Following Salaam Bombay, Yadav appeared in the popular series Mungerilal Ke Haseen Sapne (1990) as Mungerilal on Doordarshan. Yadav’s portrayal of a harmless tyrannised man charmed everyone.
Besides Chillum, Yadav’s other intense roles also include essaying the serial killer Raman Raghav in Sriram Raghavan’s little-seen docu-fiction film. “I have never been averse to struggle. In fact, I think people have exaggerated life and its little challenges and call it struggle. I have lived through some pretty tough times. I have gone hungry on days, but if you don’t experience this friction, where will the magic come from. Kisi ki taqleef ko mehsus kiye bina kese uske character mein ghuss payenge (How do you charaterise without friction),” he says.
After I point to the fact that mainstream Bollywood usually interprets ‘taqleef (difficulty)’ as small-town India’s socio-political malaise that it must enact and correct, Yadav laughs. “This is the problem. The industry thinks people from towns and villages are uncultured or don’t understand anything. Also they think that without major conflict, without action, romance or literal fist-fights there is no drama. The pain I’m talking about is the small sensation you feel when the school bell rings and the students know they have to study. The beauty of film is all about extracting drama out of the ordinary,” Yadav says.
Consider Bhura from Lagaan (2001), Budhia from Peepli Live (2010), Loknath from Newton (2017), Bhaskar from Love Per Square Foot (2018) and Sudhakar from Sui Dhaaga (2018) you can sense the thread that leads to the making of Panchayat’s Pradhan Pati.
So much so you could infer that Yadav himself has been, to an extent, stereotyped as the underdog who doesn’t want a fight; a personality at peace with his commonness and the impossibility of punching above certain heights. In the last episode of Panchayat, after he is humiliated by the District Magistrate, Pradhan Pati shows little sign of being mortally crushed, his fragility having been undressed. Yadav continues in the same tenor, the same demure smile, unfazed, unalarmed. “You only learn from hardships in life. To remain humble, to remain connected to your roots every time I think I’ve had enough of the city, I go back to my village. I could never learn to blow time away. Too much happiness, is also perhaps a problem. Happiness is a poor teacher. So is praise. Tareef ko tolna bhi anaa chahiye (you can't measure praise),” he says.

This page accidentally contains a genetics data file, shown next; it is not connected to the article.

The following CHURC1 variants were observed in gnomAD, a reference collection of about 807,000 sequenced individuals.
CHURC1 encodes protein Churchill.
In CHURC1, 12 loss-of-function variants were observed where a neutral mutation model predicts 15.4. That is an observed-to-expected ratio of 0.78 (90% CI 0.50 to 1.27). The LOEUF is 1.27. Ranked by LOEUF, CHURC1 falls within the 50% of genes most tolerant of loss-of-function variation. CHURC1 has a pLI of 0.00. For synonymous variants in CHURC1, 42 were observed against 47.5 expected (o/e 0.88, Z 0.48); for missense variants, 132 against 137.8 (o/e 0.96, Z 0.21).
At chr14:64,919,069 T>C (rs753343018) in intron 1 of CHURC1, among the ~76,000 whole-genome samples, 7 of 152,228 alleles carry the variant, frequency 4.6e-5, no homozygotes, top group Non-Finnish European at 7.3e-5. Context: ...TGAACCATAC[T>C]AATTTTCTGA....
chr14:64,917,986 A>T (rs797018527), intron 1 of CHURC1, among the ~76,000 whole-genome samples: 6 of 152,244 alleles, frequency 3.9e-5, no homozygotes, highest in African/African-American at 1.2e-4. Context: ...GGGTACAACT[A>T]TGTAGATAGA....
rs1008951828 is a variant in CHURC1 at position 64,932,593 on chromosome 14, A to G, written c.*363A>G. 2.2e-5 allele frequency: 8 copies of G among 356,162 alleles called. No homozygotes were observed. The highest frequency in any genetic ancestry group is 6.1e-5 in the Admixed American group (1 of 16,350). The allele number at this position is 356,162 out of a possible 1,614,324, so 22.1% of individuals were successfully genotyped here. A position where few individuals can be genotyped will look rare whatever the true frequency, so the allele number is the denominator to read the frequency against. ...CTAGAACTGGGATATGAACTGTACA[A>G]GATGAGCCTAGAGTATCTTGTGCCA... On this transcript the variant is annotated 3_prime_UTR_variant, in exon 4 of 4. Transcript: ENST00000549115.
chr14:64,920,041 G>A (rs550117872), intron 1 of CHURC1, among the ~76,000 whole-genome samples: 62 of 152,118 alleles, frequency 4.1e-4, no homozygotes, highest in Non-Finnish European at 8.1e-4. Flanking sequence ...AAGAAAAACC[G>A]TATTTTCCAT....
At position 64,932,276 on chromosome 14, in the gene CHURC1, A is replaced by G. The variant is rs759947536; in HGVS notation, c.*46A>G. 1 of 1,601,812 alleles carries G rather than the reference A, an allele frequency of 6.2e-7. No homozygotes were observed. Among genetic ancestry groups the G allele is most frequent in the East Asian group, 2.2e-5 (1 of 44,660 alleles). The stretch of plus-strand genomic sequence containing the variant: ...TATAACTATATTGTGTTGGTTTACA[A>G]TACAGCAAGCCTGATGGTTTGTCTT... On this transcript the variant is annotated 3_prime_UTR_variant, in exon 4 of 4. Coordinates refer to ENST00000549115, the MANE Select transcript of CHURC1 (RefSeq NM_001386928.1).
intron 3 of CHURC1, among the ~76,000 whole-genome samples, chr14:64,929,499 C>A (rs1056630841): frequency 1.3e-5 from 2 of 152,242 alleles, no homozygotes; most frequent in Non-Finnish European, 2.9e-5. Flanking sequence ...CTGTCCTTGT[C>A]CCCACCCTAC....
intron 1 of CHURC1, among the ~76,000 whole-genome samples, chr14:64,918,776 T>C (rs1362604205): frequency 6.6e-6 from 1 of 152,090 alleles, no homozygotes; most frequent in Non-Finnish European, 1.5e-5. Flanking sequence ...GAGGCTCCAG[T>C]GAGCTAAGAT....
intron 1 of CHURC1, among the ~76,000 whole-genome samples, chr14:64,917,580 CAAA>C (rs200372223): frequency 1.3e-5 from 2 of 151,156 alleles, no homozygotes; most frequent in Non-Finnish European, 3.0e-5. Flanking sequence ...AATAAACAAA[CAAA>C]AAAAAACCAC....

Panchayat’s success means Yadav will, for the time being, live in everyone’s memory. His characteristically modest roles with a peculiar likeness for rural India, however, may remain an acquired taste. And then, another of his comebacks. “Things are changing. People now understand what a story is. That you can write and make a profitable film on a small budget as well. You don’t necessarily need heroes and villains. I think things are changing, but it will take time.” Asked if he will jump at more roles that cast him in familiar rural settings he says “Beshak. Hindustan gaon aur kasabo mein basta hai saahab. Hazaar saal bhi likhiyega toh uski puri kahani nahi likh paenge (Yes, definitely. If you write about India's rural landscape for 1000 years also, it won't be enough).”